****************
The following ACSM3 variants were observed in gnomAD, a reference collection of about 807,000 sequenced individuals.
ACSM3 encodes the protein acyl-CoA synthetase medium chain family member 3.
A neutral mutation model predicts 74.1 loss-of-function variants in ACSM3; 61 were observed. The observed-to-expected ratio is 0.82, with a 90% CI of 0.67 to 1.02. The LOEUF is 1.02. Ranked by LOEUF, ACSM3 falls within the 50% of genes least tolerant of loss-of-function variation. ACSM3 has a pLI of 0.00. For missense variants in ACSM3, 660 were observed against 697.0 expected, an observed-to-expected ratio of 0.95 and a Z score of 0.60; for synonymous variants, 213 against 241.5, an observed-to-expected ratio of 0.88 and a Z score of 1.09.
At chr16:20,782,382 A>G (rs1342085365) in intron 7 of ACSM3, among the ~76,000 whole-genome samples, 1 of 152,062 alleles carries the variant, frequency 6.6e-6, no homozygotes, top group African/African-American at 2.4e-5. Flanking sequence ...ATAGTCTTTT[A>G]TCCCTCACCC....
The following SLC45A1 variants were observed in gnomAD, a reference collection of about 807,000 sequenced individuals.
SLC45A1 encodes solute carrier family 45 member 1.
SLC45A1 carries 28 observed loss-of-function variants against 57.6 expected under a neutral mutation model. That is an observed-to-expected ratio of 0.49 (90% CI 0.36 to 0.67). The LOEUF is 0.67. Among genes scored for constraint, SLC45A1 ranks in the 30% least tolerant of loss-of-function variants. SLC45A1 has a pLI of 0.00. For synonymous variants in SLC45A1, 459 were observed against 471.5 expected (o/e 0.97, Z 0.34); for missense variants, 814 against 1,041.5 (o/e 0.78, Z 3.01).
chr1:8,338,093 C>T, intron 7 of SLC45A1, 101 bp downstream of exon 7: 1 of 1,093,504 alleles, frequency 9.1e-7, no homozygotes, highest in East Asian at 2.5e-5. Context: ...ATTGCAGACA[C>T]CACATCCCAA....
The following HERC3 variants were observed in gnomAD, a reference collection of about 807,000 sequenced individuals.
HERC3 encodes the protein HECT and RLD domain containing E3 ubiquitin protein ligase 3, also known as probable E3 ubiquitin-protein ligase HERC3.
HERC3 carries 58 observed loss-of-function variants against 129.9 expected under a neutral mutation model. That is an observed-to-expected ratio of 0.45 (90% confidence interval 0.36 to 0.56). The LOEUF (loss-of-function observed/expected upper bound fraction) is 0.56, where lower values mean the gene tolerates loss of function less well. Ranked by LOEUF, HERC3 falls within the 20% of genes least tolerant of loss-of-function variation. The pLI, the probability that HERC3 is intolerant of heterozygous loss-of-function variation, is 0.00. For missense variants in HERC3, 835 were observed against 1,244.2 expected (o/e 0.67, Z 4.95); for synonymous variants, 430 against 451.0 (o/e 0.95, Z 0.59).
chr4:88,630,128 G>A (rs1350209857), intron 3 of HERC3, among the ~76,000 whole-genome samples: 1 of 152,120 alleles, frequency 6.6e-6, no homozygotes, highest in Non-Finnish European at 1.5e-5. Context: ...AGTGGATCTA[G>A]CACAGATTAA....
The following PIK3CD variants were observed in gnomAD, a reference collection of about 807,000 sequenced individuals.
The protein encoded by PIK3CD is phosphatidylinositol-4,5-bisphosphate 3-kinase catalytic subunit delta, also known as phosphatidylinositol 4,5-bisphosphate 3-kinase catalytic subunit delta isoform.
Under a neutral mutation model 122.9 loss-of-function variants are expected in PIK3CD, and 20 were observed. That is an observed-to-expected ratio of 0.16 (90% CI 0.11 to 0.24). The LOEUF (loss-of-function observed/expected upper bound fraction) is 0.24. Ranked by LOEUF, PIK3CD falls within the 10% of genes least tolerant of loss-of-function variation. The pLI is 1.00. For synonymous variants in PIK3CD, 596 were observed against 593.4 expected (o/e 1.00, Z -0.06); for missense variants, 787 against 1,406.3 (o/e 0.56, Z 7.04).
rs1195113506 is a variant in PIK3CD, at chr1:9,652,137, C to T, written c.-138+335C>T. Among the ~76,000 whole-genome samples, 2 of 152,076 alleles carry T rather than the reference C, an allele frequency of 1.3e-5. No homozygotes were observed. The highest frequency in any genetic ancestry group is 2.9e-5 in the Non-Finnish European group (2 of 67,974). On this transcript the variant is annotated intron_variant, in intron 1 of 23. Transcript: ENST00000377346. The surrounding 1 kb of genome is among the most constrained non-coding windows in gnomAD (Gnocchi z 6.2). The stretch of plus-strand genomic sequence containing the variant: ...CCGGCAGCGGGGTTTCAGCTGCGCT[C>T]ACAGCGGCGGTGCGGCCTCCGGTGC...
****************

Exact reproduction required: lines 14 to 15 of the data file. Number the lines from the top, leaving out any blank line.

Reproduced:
The protein encoded by PIK3CD is phosphatidylinositol-4,5-bisphosphate 3-kinase catalytic subunit delta, also known as phosphatidylinositol 4,5-bisphosphate 3-kinase catalytic subunit delta isoform.
Under a neutral mutation model 122.9 loss-of-function variants are expected in PIK3CD, and 20 were observed. That is an observed-to-expected ratio of 0.16 (90% CI 0.11 to 0.24). The LOEUF (loss-of-function observed/expected upper bound fraction) is 0.24. Ranked by LOEUF, PIK3CD falls within the 10% of genes least tolerant of loss-of-function variation. The pLI is 1.00. For synonymous variants in PIK3CD, 596 were observed against 593.4 expected (o/e 1.00, Z -0.06); for missense variants, 787 against 1,406.3 (o/e 0.56, Z 7.04).